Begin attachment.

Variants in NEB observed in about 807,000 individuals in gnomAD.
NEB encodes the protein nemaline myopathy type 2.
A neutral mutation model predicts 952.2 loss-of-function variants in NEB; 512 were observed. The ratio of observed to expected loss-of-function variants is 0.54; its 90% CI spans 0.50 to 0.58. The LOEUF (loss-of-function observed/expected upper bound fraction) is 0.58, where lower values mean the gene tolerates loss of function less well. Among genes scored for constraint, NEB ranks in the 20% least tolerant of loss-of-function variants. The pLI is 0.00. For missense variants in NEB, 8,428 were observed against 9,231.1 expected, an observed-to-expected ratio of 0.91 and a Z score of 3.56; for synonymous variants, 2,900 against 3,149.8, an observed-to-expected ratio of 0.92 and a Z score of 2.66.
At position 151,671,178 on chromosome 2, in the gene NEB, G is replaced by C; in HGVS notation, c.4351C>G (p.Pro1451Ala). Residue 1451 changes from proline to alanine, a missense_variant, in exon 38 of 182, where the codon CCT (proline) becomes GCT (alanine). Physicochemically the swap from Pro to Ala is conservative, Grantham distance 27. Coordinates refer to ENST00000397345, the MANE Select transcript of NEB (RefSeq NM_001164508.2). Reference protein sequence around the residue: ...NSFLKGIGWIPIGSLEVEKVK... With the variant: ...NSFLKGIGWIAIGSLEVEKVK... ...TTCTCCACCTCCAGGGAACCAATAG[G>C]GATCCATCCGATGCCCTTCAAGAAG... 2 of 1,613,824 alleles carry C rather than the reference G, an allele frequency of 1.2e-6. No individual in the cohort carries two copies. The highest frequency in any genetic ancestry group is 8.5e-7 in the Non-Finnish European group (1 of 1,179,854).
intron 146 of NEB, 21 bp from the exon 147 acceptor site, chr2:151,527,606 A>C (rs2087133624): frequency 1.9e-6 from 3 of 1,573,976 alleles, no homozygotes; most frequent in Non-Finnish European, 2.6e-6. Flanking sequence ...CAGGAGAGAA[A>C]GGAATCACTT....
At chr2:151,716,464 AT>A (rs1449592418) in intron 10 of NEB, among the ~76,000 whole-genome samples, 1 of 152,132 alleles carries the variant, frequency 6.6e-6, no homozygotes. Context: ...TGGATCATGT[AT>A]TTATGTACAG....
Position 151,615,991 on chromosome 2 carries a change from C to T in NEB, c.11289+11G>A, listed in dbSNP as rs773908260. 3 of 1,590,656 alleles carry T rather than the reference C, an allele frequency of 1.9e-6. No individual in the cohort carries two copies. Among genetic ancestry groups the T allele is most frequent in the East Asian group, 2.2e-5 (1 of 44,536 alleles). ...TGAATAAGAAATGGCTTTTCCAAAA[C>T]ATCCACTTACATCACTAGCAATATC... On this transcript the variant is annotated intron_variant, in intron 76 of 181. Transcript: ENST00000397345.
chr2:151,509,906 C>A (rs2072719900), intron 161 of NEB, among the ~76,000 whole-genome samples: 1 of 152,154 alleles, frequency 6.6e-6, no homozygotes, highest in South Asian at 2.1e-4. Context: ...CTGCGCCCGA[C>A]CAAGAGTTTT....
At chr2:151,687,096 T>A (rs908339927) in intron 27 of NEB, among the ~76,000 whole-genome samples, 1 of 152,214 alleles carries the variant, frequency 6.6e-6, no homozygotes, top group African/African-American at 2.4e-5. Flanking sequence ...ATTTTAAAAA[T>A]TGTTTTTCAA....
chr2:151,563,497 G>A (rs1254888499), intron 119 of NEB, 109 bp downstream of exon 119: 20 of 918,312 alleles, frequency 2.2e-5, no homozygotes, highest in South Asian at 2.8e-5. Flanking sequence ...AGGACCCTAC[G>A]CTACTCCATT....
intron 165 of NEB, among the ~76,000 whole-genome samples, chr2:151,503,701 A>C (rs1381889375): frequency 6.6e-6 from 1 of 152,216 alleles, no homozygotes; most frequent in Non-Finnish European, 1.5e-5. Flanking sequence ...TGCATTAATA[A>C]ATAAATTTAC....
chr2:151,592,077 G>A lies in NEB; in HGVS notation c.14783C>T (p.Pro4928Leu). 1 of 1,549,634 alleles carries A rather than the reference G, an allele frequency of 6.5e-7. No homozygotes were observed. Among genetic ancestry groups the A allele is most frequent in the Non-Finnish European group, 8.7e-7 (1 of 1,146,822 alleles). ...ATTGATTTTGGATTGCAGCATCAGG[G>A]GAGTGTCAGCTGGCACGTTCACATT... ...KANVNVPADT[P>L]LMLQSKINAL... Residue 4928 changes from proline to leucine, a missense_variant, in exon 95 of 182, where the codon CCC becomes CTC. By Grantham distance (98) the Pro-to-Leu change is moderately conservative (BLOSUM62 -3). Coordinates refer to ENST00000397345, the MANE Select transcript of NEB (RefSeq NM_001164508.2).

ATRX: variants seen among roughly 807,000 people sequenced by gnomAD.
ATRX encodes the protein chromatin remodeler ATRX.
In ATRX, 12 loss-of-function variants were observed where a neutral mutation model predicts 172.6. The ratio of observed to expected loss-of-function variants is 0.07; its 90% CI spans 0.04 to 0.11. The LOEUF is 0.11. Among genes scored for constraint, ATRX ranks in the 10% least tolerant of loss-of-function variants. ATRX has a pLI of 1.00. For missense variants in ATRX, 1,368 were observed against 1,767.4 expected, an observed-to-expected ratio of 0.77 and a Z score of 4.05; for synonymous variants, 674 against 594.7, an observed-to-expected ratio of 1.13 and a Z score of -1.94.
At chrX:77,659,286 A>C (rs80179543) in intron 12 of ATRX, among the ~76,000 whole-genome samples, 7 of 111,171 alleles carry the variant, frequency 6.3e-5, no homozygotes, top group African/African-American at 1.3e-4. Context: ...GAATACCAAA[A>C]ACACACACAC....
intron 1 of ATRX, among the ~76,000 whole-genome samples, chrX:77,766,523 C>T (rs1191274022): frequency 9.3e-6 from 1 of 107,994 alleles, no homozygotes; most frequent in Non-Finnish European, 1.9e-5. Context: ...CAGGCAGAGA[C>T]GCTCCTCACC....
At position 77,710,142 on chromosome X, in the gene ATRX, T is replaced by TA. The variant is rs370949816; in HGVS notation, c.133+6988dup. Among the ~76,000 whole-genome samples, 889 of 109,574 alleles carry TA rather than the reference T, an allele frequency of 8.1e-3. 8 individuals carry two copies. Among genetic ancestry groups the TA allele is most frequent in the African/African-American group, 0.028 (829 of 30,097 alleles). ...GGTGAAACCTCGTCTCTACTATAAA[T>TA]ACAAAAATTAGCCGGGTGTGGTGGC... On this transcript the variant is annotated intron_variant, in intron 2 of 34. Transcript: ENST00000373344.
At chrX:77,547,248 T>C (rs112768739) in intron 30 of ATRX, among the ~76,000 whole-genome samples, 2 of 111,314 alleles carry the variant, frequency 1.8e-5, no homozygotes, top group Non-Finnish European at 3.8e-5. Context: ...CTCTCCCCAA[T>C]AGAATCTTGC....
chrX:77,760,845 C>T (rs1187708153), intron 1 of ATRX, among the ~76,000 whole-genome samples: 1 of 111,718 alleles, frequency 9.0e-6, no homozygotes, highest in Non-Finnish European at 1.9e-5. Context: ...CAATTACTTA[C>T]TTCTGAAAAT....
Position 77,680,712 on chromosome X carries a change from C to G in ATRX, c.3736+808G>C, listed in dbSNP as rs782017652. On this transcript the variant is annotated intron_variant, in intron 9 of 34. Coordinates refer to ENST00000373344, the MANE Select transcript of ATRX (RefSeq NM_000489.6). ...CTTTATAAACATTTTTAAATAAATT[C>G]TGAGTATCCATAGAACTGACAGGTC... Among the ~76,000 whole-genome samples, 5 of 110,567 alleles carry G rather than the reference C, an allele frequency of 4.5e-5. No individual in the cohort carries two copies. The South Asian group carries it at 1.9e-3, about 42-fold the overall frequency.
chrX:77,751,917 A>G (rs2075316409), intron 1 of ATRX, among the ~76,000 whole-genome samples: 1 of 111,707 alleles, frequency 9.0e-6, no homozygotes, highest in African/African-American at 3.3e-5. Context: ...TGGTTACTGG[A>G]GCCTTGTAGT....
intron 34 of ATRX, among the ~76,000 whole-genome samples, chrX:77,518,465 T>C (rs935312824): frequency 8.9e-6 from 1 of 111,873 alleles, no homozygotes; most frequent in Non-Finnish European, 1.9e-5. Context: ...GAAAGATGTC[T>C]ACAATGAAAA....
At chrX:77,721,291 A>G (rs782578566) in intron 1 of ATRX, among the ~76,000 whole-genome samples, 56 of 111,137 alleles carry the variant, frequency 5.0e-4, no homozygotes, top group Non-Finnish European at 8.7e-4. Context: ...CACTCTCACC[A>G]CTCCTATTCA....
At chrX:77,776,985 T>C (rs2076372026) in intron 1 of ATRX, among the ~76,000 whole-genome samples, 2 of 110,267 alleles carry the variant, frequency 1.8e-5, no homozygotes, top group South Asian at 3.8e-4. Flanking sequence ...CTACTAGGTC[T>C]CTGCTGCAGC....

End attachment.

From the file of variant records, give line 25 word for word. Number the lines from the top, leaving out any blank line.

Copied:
At chrX:77,776,985 T>C (rs2076372026) in intron 1 of ATRX, among the ~76,000 whole-genome samples, 2 of 110,267 alleles carry the variant, frequency 1.8e-5, no homozygotes, top group South Asian at 3.8e-4. Flanking sequence ...CTACTAGGTC[T>C]CTGCTGCAGC....